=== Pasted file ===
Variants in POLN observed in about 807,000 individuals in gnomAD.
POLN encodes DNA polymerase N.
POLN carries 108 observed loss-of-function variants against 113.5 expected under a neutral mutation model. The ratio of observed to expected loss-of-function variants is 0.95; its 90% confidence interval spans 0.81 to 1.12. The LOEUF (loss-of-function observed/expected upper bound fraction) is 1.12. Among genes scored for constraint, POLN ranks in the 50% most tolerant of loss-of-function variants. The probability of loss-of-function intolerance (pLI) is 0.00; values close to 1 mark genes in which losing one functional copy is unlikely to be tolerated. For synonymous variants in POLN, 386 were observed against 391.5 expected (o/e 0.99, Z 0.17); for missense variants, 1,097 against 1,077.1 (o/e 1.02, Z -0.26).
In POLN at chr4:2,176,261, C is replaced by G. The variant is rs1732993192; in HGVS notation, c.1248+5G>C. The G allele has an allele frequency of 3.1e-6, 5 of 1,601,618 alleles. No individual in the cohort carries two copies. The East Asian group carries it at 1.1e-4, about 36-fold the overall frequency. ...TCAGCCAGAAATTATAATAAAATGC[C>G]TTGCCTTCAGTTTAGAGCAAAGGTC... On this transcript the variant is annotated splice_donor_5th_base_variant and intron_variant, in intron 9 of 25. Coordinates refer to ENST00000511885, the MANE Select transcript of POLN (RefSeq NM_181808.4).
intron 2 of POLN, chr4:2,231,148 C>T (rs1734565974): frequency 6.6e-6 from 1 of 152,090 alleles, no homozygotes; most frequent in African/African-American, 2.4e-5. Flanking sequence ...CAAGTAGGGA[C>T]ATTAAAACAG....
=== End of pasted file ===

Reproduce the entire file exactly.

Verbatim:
Variants in POLN observed in about 807,000 individuals in gnomAD.
POLN encodes DNA polymerase N.
POLN carries 108 observed loss-of-function variants against 113.5 expected under a neutral mutation model. The ratio of observed to expected loss-of-function variants is 0.95; its 90% confidence interval spans 0.81 to 1.12. The LOEUF (loss-of-function observed/expected upper bound fraction) is 1.12. Among genes scored for constraint, POLN ranks in the 50% most tolerant of loss-of-function variants. The probability of loss-of-function intolerance (pLI) is 0.00; values close to 1 mark genes in which losing one functional copy is unlikely to be tolerated. For synonymous variants in POLN, 386 were observed against 391.5 expected (o/e 0.99, Z 0.17); for missense variants, 1,097 against 1,077.1 (o/e 1.02, Z -0.26).
In POLN at chr4:2,176,261, C is replaced by G. The variant is rs1732993192; in HGVS notation, c.1248+5G>C. The G allele has an allele frequency of 3.1e-6, 5 of 1,601,618 alleles. No individual in the cohort carries two copies. The East Asian group carries it at 1.1e-4, about 36-fold the overall frequency. ...TCAGCCAGAAATTATAATAAAATGC[C>G]TTGCCTTCAGTTTAGAGCAAAGGTC... On this transcript the variant is annotated splice_donor_5th_base_variant and intron_variant, in intron 9 of 25. Coordinates refer to ENST00000511885, the MANE Select transcript of POLN (RefSeq NM_181808.4).
intron 2 of POLN, chr4:2,231,148 C>T (rs1734565974): frequency 6.6e-6 from 1 of 152,090 alleles, no homozygotes; most frequent in African/African-American, 2.4e-5. Flanking sequence ...CAAGTAGGGA[C>T]ATTAAAACAG....